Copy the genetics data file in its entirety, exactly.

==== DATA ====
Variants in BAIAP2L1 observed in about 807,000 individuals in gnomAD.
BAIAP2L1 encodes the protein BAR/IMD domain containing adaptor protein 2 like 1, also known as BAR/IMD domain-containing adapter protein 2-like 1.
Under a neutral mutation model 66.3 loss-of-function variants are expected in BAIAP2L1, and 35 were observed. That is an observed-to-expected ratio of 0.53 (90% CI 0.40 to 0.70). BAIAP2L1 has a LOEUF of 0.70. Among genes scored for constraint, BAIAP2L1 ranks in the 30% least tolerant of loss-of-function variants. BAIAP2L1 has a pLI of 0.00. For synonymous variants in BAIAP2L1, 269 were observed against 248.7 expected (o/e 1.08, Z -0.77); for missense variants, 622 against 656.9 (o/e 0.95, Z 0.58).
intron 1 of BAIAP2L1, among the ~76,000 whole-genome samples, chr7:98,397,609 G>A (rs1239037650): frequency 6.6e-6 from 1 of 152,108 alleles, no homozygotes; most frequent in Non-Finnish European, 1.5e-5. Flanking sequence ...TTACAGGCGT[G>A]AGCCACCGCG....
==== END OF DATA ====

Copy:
Variants in BAIAP2L1 observed in about 807,000 individuals in gnomAD.
BAIAP2L1 encodes the protein BAR/IMD domain containing adaptor protein 2 like 1, also known as BAR/IMD domain-containing adapter protein 2-like 1.
Under a neutral mutation model 66.3 loss-of-function variants are expected in BAIAP2L1, and 35 were observed. That is an observed-to-expected ratio of 0.53 (90% CI 0.40 to 0.70). BAIAP2L1 has a LOEUF of 0.70. Among genes scored for constraint, BAIAP2L1 ranks in the 30% least tolerant of loss-of-function variants. BAIAP2L1 has a pLI of 0.00. For synonymous variants in BAIAP2L1, 269 were observed against 248.7 expected (o/e 1.08, Z -0.77); for missense variants, 622 against 656.9 (o/e 0.95, Z 0.58).
intron 1 of BAIAP2L1, among the ~76,000 whole-genome samples, chr7:98,397,609 G>A (rs1239037650): frequency 6.6e-6 from 1 of 152,108 alleles, no homozygotes; most frequent in Non-Finnish European, 1.5e-5. Flanking sequence ...TTACAGGCGT[G>A]AGCCACCGCG....